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Rendering of 9 Chapel Street via Tankhouse ( Rendering of 9 Chapel Street via Tankhouse (
Over a half-century later, swaths of Downtown Brooklyn are starting to recover from misguided urban renewal schemes that divided once-intact neighborhoods with highway interchanges, poorly programmed open spaces, and fenced-off superblocks. In May 2016, New York-based architecture and urban design firm WXY Studio worked with local community organizations to create a master plan to guide the slow and expensive process of mending back the area's urban fabric. Named Brooklyn Strand, its goals include connecting Downtown Brooklyn to the waterfront through a series of parks and plazas, making circulation more pedestrian-oriented, and adding infill development and uses that bring an added vibrancy that befits one of the main gateways to the borough.
A 2004 rezoning to promote commercial and residential development included most of the Robert Moses-ravaged area and has yielded a handful of mid-rise rental buildings that include 250 Gold Street, The Amberly, and the nearly-finished 22 Chapel Street. Next up to bat is 9 Chapel Street (aka 219 Jay Street) an in-progress 13-story condominium that will benefit from a geographically stellar location close to Manhattan and an easy walk to Brooklyn Heights, DUMBO, and the commercial core of Downtown Brooklyn.

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9 Chapel Street
9 Chapel Street Downtown Brooklyn
This section of Downtown Brooklyn was much more cohesive prior to automobile-oriented planning schemes (via NYPL: Atlas of the Borough of Brooklyn, v. 1 (1916))
Urban renewal in progress in Downtown Brooklyn
Downtown-Brooklyn-003 The site of 9 Chapel and the hole between Downtown Brooklyn and DUMBO left by urban renewal. (Google Earth)
Brooklyn-Strand-03 Aerial rendering of WXY Studio's Brooklyn Strand plan to mend the neighborhoods together
As we reported last fall, DUMBO-based designer and developer Tankhouse snagged the corner site for $12.5 million with the intent of constructing a 55,000 square-foot multi-family project. The pair of pre-existing 19th-century rowhomes were worn but charming -- cloaked in ivy and representing a surviving vestige of the tight-knit community that existed before the wrecking ball walked in. A civilized city would advocate for the preservation of the buildings and incentivize for the unused development rights to be transferred to the parking lot next door, but this is New York after all.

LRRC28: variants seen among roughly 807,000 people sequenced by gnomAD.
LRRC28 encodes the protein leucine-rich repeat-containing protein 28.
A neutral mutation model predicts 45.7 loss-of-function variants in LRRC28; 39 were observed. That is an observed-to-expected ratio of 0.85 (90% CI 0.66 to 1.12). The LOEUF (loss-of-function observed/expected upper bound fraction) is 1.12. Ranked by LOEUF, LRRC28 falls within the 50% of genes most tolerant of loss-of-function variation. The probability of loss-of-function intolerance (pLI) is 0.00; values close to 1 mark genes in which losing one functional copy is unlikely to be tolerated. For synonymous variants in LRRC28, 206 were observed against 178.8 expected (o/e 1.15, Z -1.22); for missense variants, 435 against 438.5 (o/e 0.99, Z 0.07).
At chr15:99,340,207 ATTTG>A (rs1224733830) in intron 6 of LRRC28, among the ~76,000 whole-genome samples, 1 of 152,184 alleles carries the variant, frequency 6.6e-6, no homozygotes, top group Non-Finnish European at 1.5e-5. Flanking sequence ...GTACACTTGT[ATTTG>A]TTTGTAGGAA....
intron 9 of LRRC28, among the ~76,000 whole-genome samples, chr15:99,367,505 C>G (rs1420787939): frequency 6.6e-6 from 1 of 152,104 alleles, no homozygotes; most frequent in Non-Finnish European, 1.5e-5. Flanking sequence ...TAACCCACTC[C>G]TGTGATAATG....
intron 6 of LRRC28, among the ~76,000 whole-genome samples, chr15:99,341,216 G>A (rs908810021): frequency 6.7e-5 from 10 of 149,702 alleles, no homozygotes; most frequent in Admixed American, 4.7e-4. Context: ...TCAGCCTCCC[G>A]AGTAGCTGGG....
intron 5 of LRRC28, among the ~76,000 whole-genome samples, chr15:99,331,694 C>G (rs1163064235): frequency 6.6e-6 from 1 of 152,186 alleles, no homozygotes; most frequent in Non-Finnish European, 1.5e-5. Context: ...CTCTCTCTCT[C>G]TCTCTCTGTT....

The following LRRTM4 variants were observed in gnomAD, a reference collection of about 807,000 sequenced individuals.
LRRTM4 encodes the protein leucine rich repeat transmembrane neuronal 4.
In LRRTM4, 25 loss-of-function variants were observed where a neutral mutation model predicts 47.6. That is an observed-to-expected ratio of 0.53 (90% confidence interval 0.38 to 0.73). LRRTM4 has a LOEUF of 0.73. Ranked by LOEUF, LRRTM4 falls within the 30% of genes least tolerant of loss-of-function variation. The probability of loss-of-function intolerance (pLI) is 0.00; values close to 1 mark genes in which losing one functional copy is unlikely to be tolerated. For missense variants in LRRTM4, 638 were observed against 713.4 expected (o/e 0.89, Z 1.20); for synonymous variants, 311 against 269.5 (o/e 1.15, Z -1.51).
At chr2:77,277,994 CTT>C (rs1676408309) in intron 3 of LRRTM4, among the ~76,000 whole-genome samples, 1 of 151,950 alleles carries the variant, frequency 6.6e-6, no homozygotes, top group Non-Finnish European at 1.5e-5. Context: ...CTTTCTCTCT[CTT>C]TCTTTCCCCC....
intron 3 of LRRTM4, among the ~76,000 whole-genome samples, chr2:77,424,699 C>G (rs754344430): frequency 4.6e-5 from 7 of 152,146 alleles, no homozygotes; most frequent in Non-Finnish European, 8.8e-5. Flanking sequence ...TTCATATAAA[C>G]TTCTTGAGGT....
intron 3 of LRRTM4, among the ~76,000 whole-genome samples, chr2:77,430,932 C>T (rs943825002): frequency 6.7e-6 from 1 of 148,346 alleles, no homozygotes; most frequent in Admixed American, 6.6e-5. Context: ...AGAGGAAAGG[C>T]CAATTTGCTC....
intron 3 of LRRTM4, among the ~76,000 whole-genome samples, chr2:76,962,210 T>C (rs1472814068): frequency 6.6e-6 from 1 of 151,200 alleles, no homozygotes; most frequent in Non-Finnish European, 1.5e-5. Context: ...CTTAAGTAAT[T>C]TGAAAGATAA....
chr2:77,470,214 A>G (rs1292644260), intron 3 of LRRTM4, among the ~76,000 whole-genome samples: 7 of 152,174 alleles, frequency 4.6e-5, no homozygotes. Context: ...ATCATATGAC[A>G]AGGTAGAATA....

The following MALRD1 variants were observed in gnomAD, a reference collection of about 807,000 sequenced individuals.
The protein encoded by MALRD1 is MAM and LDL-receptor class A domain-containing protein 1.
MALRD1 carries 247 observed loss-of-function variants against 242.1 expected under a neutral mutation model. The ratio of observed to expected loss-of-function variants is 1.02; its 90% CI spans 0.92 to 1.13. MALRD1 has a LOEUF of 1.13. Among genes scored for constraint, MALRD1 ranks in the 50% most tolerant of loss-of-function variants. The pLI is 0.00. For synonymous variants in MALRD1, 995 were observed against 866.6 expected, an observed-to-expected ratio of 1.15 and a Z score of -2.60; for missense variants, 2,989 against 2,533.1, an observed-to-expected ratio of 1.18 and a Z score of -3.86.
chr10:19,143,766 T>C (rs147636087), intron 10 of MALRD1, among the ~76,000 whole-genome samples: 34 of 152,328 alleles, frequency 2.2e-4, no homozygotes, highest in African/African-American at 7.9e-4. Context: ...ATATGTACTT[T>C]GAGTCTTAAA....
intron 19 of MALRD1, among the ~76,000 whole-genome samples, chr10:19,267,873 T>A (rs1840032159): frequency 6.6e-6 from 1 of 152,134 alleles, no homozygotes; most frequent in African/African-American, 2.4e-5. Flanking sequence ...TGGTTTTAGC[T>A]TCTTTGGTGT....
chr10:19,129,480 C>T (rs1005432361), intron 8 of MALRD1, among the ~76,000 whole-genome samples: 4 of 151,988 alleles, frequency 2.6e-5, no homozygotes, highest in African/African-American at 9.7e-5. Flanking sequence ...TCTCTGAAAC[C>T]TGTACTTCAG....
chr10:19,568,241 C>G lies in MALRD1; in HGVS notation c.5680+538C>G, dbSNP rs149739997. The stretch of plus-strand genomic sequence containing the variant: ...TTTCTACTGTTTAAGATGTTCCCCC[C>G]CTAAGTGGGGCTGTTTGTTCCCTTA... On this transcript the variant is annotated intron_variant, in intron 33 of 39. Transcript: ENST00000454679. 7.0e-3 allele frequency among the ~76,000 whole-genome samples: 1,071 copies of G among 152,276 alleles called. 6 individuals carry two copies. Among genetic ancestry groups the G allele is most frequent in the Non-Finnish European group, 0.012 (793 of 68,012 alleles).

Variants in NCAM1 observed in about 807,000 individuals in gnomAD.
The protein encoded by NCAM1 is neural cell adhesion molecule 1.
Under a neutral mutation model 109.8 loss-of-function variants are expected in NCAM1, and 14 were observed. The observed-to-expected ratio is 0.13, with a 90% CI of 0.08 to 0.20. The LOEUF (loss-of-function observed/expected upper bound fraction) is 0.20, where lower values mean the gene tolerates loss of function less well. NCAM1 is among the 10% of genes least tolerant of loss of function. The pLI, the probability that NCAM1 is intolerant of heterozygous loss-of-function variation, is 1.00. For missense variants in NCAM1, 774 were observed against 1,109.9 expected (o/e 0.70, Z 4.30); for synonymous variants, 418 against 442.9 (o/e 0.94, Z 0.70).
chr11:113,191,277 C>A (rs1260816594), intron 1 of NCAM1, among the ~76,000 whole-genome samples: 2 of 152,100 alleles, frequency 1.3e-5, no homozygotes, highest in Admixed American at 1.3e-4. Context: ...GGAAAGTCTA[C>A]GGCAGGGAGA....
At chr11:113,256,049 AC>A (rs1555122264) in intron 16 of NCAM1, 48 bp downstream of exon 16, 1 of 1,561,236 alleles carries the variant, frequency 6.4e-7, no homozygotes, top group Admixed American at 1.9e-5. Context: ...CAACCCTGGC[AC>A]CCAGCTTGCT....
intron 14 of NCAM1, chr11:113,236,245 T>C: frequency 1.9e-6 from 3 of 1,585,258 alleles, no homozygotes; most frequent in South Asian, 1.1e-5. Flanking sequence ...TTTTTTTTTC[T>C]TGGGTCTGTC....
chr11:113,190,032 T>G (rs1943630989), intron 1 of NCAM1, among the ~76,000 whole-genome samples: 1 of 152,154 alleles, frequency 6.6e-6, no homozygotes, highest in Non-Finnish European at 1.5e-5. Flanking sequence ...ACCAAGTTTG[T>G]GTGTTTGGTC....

The two walk-ups being torn down (likely already gone) for 9 Chapel Street
9 chapel street The site at the dawn of the area's urban renewal era in 1931 (NYPL Digital Collections)
Jay Street historic Downtown Brookyln Jay Street with 9 Chapel's site towards the center right in July 5, 1930. (NYPL Digital Collections.)
219-Chapel-Street-02 Looking north up Jay Street with the site just past St. James Cathedral Basilica
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The current site of The Amberly directly to the north. You can understand why planners would deem the area suitable for urban renewal. It's only unfortunate that Le Corbusier was the trending visionary at the time instead of Stanford White.
The block today with the recently-finished rental The Amberly
This is the site of The Amberly, directly north of 9 Chapel Street
The lumber building and a tenement building still survive on the block.
The building is being designed by the innovative Brooklyn-based firm of SO–IL, which partnered with Tankhouse on another condo development at 450 Warren Street. Building permits approved this past January call for a crescendoing 130-foot-tall structure comprised of 27 apartments, peppered with inset balconies and terraces.

New exterior renderings show the building will don a striated facade and a wedding-cake massing will echo classical/Art Deco structures of yesteryear. The tower will rise directly across from the grounds of St. James Cathedral Basilica, the cathedral church of the Diocese of Brooklyn. The landmarked church and adjacent McLaughlin Park will allow residents of south-facing units to enjoy unobstructed views of the growing but still somewhat hideous Downtown Brooklyn skyline.
Tankhouse (via Tankhouse)
Peeks of the residences have yet to surface, but the units will be condominiums, which will surely mean higher-end finishes, more graciously-scaled spaces, and higher ceilings. There will be no more than three apartments per floor and the top two floors will be full-floor units.
Tankhouse's other ongoing Brooklyn projects include the nearly sold out 450 Warren Street in Boerum Hill. Similarities to 9 Chapel include a plethora of private and communal outdoor spaces, expansive picture windows, and a textured facade. According to the architects, 9 Chapel is anticipated for completion sometime in 2023. Sales, to be handled by Corcoran, are likely to launch within a year.
9 Chapel Street Downtown Brooklyn average condo prices have been on a tear in recent years (CityRealty)
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